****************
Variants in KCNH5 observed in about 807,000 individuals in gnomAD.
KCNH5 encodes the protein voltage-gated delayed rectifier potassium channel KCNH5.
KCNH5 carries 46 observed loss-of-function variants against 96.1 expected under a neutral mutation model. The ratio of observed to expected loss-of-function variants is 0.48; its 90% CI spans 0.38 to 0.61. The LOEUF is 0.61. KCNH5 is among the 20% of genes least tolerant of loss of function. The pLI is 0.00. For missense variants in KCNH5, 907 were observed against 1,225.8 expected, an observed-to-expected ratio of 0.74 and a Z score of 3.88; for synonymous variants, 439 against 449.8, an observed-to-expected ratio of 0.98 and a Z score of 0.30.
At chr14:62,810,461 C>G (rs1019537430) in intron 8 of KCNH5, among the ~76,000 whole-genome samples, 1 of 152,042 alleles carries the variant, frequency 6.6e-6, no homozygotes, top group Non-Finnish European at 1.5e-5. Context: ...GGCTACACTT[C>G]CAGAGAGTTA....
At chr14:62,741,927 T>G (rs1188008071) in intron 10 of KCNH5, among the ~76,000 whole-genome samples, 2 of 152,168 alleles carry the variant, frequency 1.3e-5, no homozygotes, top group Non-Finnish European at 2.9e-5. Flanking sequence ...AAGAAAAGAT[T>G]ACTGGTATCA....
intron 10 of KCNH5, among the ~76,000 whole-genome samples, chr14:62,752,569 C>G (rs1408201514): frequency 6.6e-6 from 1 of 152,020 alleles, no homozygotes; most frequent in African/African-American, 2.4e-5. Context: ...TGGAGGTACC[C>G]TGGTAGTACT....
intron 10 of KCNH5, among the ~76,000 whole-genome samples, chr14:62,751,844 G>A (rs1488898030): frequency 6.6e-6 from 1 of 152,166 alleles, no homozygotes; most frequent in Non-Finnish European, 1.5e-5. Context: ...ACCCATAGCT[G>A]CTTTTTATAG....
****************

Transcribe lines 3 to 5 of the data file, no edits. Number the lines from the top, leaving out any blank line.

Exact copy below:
KCNH5 carries 46 observed loss-of-function variants against 96.1 expected under a neutral mutation model. The ratio of observed to expected loss-of-function variants is 0.48; its 90% CI spans 0.38 to 0.61. The LOEUF is 0.61. KCNH5 is among the 20% of genes least tolerant of loss of function. The pLI is 0.00. For missense variants in KCNH5, 907 were observed against 1,225.8 expected, an observed-to-expected ratio of 0.74 and a Z score of 3.88; for synonymous variants, 439 against 449.8, an observed-to-expected ratio of 0.98 and a Z score of 0.30.
At chr14:62,810,461 C>G (rs1019537430) in intron 8 of KCNH5, among the ~76,000 whole-genome samples, 1 of 152,042 alleles carries the variant, frequency 6.6e-6, no homozygotes, top group Non-Finnish European at 1.5e-5. Context: ...GGCTACACTT[C>G]CAGAGAGTTA....
At chr14:62,741,927 T>G (rs1188008071) in intron 10 of KCNH5, among the ~76,000 whole-genome samples, 2 of 152,168 alleles carry the variant, frequency 1.3e-5, no homozygotes, top group Non-Finnish European at 2.9e-5. Flanking sequence ...AAGAAAAGAT[T>G]ACTGGTATCA....